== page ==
News — 30 Jan 2013

The Stedelijk Museum Amsterdam and De Hallen Haarlem have collaborated on the acquisition of three major works in video by three internationally acclaimed artists: The Krazy House by Rineke Dijkstra, Woolworths Choir of 1979 by Turner Prize winner Elizabeth Price, and Number Fourteen, home by Guido van der Werve. It is the first time that two museums of modern and contemporary art have acquired artwork together. Joint acquisitions are an important means of enriching the Netherlands Collection with major works of international renown.  Further opportunities for joint purchases will be explored in the future.

Stedelijk Director Ann Goldstein, “We are delighted to partner with De Hallen Haarlem, an institution very close to us in vision, which has built a remarkable and internationally acclaimed contemporary collection focused on acquisitions in video. These three joint acquisitions powerfully complement and enrich our respective collections, which share overlaps, and yet stem from distinctly unique perspectives.” 

De Hallen’s Director Karel Schampers said, “De Hallen Haarlem is thrilled to collaborate with the Stedelijk Museum Amsterdam on the collective acquisition of these three significant artworks. The collaborative model – which we will certainly pursue with other Dutch museums – is vital not only from a financial perspective, but also because it underlines the benefits of collective art ownership. For museums whose collections overlap to some extent, collaborative acquisitions offer a meaningful way of building and enriching the holdings of ‘Collectie Nederland.’”

Rineke Dijkstra

Rineke Dijkstra, The Krazy House, 2009, 4 channel HD video projection


Dutch artist Rineke Dijkstra garnered international fame for her series of portraits, including images of young bullfighters in Spain and adolescents posed on the beaches around the world. In the 1990s, she photographed young people at nightclubs in Liverpool in the northwest of England. She returned to the city with its animated club scene for The Krazy House (2010), capturing five pubescent clubbers in still and moving images. The result is a photo series and a 4-channel video projection of dancing teenagers. The work was screened at De Hallen Haarlem in the winter of 2010-2011. This acquisition was made possible with the support of the Mondriaan Fonds and the Vereniging van Vrienden van het Frans Hals Museum | De Hallen Haarlem.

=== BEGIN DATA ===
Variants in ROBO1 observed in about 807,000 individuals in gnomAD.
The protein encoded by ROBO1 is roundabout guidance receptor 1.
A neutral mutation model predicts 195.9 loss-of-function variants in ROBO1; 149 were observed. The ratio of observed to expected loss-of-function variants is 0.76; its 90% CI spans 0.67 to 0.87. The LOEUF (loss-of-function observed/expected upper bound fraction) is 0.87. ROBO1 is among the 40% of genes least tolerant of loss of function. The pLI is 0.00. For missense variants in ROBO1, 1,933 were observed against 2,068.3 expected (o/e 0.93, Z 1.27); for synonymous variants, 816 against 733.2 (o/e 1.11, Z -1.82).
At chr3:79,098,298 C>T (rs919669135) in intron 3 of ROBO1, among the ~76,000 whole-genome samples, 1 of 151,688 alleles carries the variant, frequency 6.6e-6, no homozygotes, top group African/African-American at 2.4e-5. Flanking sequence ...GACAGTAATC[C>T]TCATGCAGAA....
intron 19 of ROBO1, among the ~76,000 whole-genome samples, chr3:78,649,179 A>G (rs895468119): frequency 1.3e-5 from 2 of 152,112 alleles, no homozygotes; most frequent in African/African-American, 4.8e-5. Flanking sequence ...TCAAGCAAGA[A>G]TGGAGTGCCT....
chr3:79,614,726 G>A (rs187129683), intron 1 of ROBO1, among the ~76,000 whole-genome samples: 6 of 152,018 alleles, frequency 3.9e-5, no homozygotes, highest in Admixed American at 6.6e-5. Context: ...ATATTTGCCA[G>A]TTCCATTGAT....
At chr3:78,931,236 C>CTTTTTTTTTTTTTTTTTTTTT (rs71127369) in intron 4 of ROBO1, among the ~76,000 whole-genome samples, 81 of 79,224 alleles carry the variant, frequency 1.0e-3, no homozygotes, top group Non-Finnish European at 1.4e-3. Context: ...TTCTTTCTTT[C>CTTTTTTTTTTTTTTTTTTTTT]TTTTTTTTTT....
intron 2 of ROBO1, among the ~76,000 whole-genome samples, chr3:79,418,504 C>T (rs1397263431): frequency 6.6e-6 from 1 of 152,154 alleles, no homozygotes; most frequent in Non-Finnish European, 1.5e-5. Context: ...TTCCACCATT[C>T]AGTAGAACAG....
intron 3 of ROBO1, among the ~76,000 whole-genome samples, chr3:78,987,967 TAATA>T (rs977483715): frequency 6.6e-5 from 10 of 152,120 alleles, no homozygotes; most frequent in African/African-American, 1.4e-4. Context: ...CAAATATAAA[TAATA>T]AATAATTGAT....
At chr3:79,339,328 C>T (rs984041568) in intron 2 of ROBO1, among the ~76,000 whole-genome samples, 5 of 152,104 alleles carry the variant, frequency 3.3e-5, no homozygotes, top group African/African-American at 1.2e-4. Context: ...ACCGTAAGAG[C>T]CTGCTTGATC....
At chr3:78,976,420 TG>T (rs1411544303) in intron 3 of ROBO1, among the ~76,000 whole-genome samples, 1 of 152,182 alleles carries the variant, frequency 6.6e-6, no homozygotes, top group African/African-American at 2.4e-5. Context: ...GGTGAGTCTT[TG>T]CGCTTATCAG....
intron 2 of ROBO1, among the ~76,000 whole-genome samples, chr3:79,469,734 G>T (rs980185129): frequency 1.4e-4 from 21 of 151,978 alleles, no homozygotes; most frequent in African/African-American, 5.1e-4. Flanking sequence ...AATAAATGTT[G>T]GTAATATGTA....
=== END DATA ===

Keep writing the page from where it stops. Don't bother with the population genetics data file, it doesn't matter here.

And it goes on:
Elizabeth Price

Elizabeth Price, Woolworths Choir of 1979, 2012, Courtesy de kunstenaar en MOTINTERNATIONAL

Last year, British artist Elizabeth Price won the prestigious Turner Prize for her video, Woolworths Choir of 1979 (2012). Price combines an apparently educational PowerPoint presentation of the history of the choir in Gothic churches with film footage of a 1960s girl band dancing and singing. These images are interspersed with eye witness accounts and archive images of a fire in a branch of the Woolworth’s store, which claimed the lives of ten people. The artist’s flawless editing melds the three disparate narrative threads using graphic image, found footage, archival material and still photos, creating a haunting and immersive short film.

Guido van der Werve

Guido van der Werve, Number Fourteen, home, 2012, video still, courtesy the artist/Galerie Juliette Jongma

In Number Fourteen, home (2012) Dutch artist Guido van der Werve interweaves multiple narrative threads while accomplishing a nearly-impossible athletic feat: he shares stories of the life of his childhood heroes, Alexander the Great and Frederic Chopin, and offers a poetic portrayal of his memories of his childhood home in Papendrecht, the Netherlands while engaging in a 1,500-kilometer triathlon. The film shows the breathtaking landscapes through which the artist doggedly completes the triathlon, and the historic sites relating to Alexander the Great’s epic campaign. Van der Werve composed the score himself – a romantic twelve-movement classical requiem. Following the premiere on Thursday, January 24 at the international Film Festival Rotterdam, the film will be screened at the Stedelijk from January 25 through April 28, 2013.

Funded by:
Mondriaan Foundation & The Dutch Film Fund
with generous contributions by:
Monitor Gallery, Roma
Juliette Jongma, Amsterdam
Marc Foxx, Los Angeles
Luhring Augustine, New York
Fondazione Giuliani per l’Arte Contemporanea, Roma